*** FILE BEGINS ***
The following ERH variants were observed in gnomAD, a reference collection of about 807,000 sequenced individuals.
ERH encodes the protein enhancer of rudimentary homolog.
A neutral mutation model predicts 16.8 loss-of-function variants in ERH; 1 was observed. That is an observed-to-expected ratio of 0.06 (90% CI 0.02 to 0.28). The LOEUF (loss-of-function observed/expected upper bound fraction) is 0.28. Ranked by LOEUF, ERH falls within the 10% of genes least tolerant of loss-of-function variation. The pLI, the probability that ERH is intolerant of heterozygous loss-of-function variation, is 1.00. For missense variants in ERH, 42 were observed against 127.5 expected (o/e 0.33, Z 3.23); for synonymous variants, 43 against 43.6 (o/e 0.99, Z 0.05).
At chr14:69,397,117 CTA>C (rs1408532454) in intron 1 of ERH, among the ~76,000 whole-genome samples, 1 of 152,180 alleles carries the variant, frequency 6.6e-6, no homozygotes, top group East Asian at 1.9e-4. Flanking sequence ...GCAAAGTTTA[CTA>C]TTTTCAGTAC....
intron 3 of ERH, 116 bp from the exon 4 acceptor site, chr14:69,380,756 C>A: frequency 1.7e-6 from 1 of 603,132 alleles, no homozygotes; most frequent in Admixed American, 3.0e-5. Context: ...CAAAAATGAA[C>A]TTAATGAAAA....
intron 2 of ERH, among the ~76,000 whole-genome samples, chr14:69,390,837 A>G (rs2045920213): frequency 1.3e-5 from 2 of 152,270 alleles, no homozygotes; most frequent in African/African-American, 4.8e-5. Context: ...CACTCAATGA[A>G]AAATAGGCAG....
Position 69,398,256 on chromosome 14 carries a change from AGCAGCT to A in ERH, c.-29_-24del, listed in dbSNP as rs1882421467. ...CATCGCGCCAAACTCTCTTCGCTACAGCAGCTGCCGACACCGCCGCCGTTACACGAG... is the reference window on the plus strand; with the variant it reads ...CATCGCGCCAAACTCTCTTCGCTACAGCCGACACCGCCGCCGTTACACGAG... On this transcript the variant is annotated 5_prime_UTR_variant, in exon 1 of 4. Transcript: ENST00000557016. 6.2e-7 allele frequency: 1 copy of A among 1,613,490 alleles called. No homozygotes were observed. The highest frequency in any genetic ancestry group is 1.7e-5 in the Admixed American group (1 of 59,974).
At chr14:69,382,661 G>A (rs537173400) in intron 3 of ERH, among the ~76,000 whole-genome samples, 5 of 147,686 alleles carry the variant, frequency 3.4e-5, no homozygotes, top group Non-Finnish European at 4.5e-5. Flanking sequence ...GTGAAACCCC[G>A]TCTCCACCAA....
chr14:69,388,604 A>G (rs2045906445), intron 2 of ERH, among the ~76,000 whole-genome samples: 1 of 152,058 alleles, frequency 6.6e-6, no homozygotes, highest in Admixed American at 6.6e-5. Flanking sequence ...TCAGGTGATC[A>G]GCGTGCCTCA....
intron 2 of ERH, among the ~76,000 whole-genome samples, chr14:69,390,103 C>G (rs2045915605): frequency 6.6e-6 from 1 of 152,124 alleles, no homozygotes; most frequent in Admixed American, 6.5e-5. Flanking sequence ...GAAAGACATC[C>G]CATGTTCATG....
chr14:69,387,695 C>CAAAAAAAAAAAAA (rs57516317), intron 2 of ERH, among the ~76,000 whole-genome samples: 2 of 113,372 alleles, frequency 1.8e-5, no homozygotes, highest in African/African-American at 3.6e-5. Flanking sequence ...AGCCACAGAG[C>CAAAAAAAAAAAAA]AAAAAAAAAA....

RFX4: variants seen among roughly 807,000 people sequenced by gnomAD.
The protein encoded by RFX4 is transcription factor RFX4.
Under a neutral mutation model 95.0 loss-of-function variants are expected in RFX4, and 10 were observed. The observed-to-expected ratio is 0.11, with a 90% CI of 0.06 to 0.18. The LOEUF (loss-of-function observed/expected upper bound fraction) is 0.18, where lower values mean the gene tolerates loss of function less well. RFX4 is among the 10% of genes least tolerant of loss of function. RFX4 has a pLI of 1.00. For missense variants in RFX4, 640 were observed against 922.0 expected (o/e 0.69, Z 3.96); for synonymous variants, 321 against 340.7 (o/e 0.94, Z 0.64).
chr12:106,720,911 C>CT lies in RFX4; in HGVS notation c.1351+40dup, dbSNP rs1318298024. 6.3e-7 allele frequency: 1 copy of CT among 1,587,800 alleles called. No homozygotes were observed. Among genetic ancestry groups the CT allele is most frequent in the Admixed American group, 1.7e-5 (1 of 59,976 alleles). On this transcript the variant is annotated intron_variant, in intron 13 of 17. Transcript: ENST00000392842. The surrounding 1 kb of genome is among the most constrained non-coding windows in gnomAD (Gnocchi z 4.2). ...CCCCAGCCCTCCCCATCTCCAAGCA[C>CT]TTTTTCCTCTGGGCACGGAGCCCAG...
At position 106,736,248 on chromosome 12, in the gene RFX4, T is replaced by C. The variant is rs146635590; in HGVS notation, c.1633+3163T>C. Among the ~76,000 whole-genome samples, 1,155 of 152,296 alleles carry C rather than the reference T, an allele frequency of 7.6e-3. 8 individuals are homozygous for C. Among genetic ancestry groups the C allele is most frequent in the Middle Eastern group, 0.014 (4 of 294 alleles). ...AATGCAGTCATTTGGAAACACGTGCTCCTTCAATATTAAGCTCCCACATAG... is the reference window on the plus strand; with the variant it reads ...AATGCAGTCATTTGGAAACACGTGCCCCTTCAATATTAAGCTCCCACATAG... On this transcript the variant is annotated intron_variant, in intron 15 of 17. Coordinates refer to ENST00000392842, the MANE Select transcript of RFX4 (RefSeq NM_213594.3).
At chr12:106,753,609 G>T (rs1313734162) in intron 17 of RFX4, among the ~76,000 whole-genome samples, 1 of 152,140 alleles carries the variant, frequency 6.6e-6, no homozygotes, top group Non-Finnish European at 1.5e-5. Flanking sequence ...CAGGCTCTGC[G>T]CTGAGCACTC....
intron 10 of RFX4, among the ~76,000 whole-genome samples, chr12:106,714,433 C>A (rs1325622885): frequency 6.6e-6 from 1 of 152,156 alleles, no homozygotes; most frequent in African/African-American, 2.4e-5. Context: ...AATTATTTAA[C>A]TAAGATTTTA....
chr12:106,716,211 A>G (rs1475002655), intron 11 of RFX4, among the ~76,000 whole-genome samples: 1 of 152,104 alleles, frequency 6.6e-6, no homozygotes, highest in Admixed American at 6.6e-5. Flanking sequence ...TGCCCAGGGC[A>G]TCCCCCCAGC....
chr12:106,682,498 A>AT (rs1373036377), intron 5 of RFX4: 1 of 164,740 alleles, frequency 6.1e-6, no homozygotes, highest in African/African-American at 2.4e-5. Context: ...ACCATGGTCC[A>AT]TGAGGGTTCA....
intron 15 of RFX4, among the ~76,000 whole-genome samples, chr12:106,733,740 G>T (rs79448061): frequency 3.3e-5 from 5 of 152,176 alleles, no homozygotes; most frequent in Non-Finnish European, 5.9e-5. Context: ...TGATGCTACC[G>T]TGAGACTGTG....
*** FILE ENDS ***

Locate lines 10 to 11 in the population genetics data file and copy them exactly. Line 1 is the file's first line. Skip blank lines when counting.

intron 2 of ERH, among the ~76,000 whole-genome samples, chr14:69,390,103 C>G (rs2045915605): frequency 6.6e-6 from 1 of 152,124 alleles, no homozygotes; most frequent in Admixed American, 6.5e-5. Flanking sequence ...GAAAGACATC[C>G]CATGTTCATG....
chr14:69,387,695 C>CAAAAAAAAAAAAA (rs57516317), intron 2 of ERH, among the ~76,000 whole-genome samples: 2 of 113,372 alleles, frequency 1.8e-5, no homozygotes, highest in African/African-American at 3.6e-5. Flanking sequence ...AGCCACAGAG[C>CAAAAAAAAAAAAA]AAAAAAAAAA....